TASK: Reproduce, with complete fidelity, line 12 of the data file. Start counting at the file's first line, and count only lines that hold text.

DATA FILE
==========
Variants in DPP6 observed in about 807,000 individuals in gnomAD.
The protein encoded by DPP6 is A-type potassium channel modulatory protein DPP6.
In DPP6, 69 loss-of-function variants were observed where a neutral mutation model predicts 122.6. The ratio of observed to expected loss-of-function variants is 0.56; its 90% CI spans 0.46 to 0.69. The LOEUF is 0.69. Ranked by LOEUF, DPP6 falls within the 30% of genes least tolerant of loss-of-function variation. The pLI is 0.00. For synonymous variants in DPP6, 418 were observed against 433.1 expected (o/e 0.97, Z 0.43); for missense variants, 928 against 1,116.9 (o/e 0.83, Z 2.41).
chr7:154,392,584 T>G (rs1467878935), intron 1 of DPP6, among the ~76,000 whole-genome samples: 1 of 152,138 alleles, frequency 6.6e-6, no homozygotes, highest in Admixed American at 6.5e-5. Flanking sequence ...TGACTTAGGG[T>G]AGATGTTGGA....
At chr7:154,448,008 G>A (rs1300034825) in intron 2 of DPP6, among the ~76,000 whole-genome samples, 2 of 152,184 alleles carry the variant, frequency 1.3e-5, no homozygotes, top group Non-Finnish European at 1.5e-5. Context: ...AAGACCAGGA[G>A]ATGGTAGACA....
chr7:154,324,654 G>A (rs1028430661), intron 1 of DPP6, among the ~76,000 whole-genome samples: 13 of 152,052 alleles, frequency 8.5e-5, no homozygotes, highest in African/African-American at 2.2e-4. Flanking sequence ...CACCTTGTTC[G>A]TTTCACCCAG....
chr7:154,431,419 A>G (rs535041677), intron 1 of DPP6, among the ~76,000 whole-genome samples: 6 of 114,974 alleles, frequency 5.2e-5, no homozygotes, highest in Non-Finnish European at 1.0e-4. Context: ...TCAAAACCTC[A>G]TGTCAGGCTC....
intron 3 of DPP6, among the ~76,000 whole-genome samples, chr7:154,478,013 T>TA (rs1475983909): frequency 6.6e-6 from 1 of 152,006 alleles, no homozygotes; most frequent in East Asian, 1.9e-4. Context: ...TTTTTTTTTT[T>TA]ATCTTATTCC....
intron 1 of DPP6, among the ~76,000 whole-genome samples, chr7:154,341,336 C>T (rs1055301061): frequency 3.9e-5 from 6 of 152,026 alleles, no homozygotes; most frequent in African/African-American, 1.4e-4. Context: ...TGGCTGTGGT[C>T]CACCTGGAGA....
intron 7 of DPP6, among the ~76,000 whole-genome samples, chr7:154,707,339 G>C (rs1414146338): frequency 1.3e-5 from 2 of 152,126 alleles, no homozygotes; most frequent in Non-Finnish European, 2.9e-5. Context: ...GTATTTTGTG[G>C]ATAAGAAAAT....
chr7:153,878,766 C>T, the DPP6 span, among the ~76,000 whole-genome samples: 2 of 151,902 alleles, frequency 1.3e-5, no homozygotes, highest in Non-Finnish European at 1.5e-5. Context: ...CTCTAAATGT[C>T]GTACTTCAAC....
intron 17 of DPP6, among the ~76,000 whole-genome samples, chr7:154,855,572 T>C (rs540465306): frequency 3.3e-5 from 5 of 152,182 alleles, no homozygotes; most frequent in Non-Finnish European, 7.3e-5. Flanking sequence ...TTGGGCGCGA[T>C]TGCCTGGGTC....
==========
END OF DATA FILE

intron 17 of DPP6, among the ~76,000 whole-genome samples, chr7:154,855,572 T>C (rs540465306): frequency 3.3e-5 from 5 of 152,182 alleles, no homozygotes; most frequent in Non-Finnish European, 7.3e-5. Flanking sequence ...TTGGGCGCGA[T>C]TGCCTGGGTC....